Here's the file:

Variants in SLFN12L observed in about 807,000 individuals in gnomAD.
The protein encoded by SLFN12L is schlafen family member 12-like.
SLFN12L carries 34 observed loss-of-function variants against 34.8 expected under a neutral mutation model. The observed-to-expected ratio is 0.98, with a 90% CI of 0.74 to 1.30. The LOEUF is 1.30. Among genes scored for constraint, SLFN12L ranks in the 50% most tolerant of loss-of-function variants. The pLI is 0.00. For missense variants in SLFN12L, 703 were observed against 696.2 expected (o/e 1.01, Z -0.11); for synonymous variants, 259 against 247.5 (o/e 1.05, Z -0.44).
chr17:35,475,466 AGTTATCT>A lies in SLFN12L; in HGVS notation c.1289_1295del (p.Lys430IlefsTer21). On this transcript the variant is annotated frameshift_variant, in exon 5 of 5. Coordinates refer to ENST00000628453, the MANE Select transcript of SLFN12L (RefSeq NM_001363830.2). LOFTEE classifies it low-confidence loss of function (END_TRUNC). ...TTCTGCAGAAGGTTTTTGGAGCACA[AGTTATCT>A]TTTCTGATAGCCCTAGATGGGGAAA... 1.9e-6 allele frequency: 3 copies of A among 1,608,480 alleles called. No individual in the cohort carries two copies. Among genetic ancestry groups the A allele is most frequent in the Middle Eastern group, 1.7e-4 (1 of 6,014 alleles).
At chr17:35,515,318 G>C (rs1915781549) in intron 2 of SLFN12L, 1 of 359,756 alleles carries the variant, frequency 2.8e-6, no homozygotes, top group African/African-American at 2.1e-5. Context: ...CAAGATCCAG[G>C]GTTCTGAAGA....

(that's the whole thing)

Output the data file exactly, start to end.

Variants in SLFN12L observed in about 807,000 individuals in gnomAD.
The protein encoded by SLFN12L is schlafen family member 12-like.
SLFN12L carries 34 observed loss-of-function variants against 34.8 expected under a neutral mutation model. The observed-to-expected ratio is 0.98, with a 90% CI of 0.74 to 1.30. The LOEUF is 1.30. Among genes scored for constraint, SLFN12L ranks in the 50% most tolerant of loss-of-function variants. The pLI is 0.00. For missense variants in SLFN12L, 703 were observed against 696.2 expected (o/e 1.01, Z -0.11); for synonymous variants, 259 against 247.5 (o/e 1.05, Z -0.44).
chr17:35,475,466 AGTTATCT>A lies in SLFN12L; in HGVS notation c.1289_1295del (p.Lys430IlefsTer21). On this transcript the variant is annotated frameshift_variant, in exon 5 of 5. Coordinates refer to ENST00000628453, the MANE Select transcript of SLFN12L (RefSeq NM_001363830.2). LOFTEE classifies it low-confidence loss of function (END_TRUNC). ...TTCTGCAGAAGGTTTTTGGAGCACA[AGTTATCT>A]TTTCTGATAGCCCTAGATGGGGAAA... 1.9e-6 allele frequency: 3 copies of A among 1,608,480 alleles called. No individual in the cohort carries two copies. Among genetic ancestry groups the A allele is most frequent in the Middle Eastern group, 1.7e-4 (1 of 6,014 alleles).
At chr17:35,515,318 G>C (rs1915781549) in intron 2 of SLFN12L, 1 of 359,756 alleles carries the variant, frequency 2.8e-6, no homozygotes, top group African/African-American at 2.1e-5. Context: ...CAAGATCCAG[G>C]GTTCTGAAGA....